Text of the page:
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Self-organisation or Selfcreation? From Social Physics to Realist Dynamics

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  • Graeme Donald Snooks

Abstract

The currently fashionable theory of self-organisation has its origins in statistical physics. Many believe that the underlying physics model, which is based on inanimate systems, can be employed to explain and predict the emergence of social structures, even of history itself. Some are even convinced that it will be possible to construct a social physics to displace the social sciences. The purpose of this article is to test those claims by reviewing some of the physical studies that have been made of human society, and its conclusion is that those claims cannot be substantiated. The underlying problem is that self-organisation is a one-dimensional theoretical concept that focuses exclusively upon supply-side interactions, from which order and complexity are said to ‘emerge’. But there is a better way. By systematic observation of living systems, both human and non-human, it has been possible to derive a general dynamic theory that embraces a more complex reality, involving a creative exchange between decision-making individuals and the changing needs of their society. I have called this interaction between the dynamic forces of demand and supply in living systems, the process of ‘strategic exchange’. And it is this strategic exchange that determines all other structural relationships in society, including the interaction between its constituent members. It is important in the social sciences, therefore, to move on from social physics to realist dynamics.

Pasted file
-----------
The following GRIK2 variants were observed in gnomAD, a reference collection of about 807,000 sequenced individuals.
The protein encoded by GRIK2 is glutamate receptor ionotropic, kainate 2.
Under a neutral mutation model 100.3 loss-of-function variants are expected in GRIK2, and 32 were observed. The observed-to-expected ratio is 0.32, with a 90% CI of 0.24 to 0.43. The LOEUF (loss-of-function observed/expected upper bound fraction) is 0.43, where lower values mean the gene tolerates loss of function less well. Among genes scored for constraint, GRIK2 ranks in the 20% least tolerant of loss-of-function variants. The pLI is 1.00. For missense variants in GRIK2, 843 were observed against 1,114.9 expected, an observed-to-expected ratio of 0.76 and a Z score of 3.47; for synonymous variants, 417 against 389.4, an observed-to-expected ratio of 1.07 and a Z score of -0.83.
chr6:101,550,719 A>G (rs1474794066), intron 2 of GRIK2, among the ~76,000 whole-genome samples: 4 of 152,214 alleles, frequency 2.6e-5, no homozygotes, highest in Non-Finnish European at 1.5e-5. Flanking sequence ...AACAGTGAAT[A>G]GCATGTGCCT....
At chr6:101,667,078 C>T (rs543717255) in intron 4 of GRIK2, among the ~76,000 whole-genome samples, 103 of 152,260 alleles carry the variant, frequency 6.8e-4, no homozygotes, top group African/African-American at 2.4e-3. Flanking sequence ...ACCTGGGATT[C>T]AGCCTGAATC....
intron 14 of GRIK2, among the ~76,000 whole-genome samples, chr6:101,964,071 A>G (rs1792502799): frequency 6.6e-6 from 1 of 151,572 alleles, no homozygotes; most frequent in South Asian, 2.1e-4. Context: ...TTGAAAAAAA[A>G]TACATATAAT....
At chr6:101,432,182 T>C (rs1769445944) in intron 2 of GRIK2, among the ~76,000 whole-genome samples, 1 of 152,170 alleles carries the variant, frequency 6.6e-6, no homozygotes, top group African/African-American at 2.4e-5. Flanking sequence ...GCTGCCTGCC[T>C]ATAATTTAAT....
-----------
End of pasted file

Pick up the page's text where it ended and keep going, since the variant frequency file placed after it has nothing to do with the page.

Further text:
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Bibliographic Info

Paper provided by Centre for Economic Policy Research, Research School of Economics, Australian National University in its series CEPR Discussion Papers with number 546.

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Date of creation: Mar 2007
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Handle: RePEc:auu:dpaper:546

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Related research

Keywords: agent-based modelling; complexity theory; dynamic-strategy theory; power laws; realist dynamics; self-organised criticality; Snooks-Panov algorithm; social physics; strategic demand;

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Cited by:
  1. Graeme Donald Snooks, 2007. "A General Theory of Complex Living Systems: Exploring the Demand Side of Dynamics," CEPR Discussion Papers 563, Centre for Economic Policy Research, Research School of Economics, Australian National University.

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